Sometimes it’s the differences that count…

by Michele FriedBy Michele Fried

My family is different though sometimes I forget. I am often asked which are kids are my own. I don’t even think anymore when responding. “They’re all my own,” I automatically say. Then they stumble and often explain that’s not what they mean, they just want to know which of my kids are adopted and which I gave birth too.

When asked the same question about her many children, I remember Marie Osmond answering, “You know, I can’t remember.” I would like to say that. Sometimes I do, but often I find myself repeating strongly that every one of those beautiful children is my very own.

I couldn’t love them any more if I gave birth to them and any adoptive parent will tell you that. Why am I asked this question? Several possibilities, we have many children (9!) and that is not so common with couples today. Our children range from ages 3 ½ (okay, 4 years old!) to 16 years old and they are of different sizes, abilities and ethnicities. More than half of our children joined our family by way of adoption and the other four were born to us. Why it’s important for people to know who I birthed and who I adopted is strange to me. The differences between the two still result in family.

Other adoptive families or birth families rarely ask such questions. I guess because they in their own ways are different too. They often remark how beautiful our children are. They don’t inquire about their histories or linkage to us. In fact if anything is said regarding adoption it is often how much my oldest son looks like me! Now that might not sound odd to you, but Zack, my 16-year-old son is a very gorgeous African American young man and I am a short white woman! How odd that comment might sound to others, yet it is a compliment only an adoptive mom can understand. This child made me a mom and his every milestone still is so exciting to me… Even obtaining his driver’s permit…Though I have yet to let him drive! Forgive me, he is my first child.

When our first birth child was born I was thrown into a tizzy – how can I have a white baby when my first baby is Black? How can I raise a birth and adopted child together? How is this fair to Zack? Jordan is adorable and just one of those kids everyone likes. I can laugh with him for hours. But how can he be so different from me when he came from my body? Rarely does one remark that this short white boy looks anything like me. How funny life is!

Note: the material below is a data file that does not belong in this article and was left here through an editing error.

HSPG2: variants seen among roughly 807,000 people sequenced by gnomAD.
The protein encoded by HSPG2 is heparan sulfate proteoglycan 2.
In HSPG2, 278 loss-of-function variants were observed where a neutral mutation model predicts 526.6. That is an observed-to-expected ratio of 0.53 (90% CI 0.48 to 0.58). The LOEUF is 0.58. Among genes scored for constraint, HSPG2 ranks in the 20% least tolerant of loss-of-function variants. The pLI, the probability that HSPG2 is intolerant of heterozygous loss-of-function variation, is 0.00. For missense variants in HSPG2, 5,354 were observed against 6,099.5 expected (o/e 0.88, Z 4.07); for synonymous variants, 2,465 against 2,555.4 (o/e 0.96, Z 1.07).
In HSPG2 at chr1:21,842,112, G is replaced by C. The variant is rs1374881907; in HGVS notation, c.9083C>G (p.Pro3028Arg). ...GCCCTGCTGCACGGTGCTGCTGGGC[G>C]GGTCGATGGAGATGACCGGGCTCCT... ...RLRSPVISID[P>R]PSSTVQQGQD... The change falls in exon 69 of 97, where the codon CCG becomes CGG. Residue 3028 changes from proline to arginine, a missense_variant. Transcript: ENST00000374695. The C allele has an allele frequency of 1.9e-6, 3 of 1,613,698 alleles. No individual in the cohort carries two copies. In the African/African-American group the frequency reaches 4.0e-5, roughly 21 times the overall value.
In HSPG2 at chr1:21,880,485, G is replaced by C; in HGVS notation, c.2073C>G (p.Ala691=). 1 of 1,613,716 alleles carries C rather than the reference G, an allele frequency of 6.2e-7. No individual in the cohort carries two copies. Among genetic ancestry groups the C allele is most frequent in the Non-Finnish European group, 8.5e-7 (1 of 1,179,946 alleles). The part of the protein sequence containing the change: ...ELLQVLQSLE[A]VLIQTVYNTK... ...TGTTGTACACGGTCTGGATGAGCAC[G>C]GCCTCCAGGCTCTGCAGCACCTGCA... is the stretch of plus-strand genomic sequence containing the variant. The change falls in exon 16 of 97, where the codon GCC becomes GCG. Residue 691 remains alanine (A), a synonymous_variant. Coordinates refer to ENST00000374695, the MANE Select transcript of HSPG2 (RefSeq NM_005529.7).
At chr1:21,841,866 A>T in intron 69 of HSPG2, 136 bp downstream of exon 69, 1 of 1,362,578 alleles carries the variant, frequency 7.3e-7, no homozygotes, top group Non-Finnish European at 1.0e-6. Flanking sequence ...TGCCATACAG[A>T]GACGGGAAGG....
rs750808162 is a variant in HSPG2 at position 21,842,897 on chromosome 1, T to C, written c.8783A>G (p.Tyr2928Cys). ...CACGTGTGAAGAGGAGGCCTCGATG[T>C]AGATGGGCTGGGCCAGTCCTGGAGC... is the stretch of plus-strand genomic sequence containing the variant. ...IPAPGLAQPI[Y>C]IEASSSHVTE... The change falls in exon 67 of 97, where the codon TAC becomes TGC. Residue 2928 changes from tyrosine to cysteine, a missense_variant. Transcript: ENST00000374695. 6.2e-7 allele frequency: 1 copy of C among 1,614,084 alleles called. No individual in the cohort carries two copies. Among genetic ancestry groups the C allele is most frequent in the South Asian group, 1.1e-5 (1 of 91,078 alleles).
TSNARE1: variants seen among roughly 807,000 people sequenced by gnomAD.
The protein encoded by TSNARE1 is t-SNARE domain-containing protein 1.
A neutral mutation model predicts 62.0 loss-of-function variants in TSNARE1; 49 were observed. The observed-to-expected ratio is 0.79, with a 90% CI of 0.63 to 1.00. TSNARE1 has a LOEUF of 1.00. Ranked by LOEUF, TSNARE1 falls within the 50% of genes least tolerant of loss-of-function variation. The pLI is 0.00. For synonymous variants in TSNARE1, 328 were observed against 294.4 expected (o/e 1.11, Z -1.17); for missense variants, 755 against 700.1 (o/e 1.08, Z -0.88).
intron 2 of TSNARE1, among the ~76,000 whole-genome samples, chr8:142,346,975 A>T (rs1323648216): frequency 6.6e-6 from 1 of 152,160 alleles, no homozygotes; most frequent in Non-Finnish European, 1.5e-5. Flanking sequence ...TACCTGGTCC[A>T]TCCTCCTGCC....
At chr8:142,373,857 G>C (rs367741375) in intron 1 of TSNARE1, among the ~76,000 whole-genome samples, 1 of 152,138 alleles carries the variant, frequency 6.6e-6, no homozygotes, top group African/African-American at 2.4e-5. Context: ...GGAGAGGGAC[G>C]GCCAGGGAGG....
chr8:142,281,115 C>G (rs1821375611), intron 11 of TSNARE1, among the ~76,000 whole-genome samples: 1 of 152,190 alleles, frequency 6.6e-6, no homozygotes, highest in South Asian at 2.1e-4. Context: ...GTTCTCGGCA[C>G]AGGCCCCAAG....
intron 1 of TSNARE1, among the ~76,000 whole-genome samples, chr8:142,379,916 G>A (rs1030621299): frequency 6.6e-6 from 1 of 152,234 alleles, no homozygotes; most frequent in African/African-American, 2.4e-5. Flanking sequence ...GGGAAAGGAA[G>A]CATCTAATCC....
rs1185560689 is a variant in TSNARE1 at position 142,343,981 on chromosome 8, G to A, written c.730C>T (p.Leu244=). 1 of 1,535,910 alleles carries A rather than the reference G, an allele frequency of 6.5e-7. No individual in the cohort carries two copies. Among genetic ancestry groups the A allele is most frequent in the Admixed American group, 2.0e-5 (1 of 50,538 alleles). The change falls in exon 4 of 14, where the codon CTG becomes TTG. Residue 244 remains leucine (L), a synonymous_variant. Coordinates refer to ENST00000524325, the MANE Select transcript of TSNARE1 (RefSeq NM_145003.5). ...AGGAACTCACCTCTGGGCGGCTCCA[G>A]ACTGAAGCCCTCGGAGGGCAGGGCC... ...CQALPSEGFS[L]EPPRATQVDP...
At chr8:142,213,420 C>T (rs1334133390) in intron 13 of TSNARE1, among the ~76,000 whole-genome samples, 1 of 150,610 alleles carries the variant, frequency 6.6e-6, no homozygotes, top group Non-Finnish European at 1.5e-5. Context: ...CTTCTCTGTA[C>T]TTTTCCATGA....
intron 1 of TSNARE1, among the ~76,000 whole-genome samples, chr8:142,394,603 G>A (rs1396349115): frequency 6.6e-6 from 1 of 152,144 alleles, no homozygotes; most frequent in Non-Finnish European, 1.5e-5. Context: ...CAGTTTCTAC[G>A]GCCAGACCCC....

Now that half my kids are teenagers, excitement bounds everyday at the Fried household. Who said diapers were hard? Honestly though, I am truly blessed. One of my favorite times with my children are when we find ourselves in the kitchen (yes, doing dishes!) and talking. Really talking. We can talk politics, religion, adoption, school, even sex.

A few nights ago when my husband was out of town and the kids and I were eating dinner we began talking about the democratic candidates and everyone gave their opinion. Like I said, my family is different and so are their opinions! When discussing a current and hot democratic versus republican issue, I played devils advocate while Zack held his own in the debate. I was impressed by his tenacity and his passion for what he believed in. This political conversation led to a discussion about Hollywood stars and whether they have a right to privacy and then it led all the way to Zack sharing his personal future dreams for himself. He laughed when he tried to figure out how the conversation turned.

I sat listening to my son and was so impressed by him yet at the same time felt the urge to protect and guide. I learned that he wishes to be somebody, to make a difference in this world. What an incredible and familiar adolescent dream. How does he wish to go about it? He isn’t sure he answers me, but continues to say that he isn’t intimidated by what others say even if it’s unsupportive of him or his beliefs. He went on talking and as if it was a neon sign, I heard him say, “I like being different…” It was just a few words in a long breathless description of his future plans yet they were so powerful that without thinking I repeated those words aloud. He laughed and as if I asked him a question, he answered, “yes.

“Wow,” I said, “For being a Black baby boy who was placed with white parents, we could have been in this very kitchen, sixteen years later, with you telling me that you hate being different. I find it incredible that you are not intimidated by being different.”

He looked at me a bit oddly but I kept on talking, “I remember when you were such a little boy introducing you to the word different and even singing you a song about it and telling you that different isn’t bad, that it’s beautiful.” “Yes,” he nodded, “I know. I guess that’s why I feel the way I do.”

I am so passionately proud of this young man! I don’t doubt for a moment that he will make a difference in this world… because he certainly has in my life.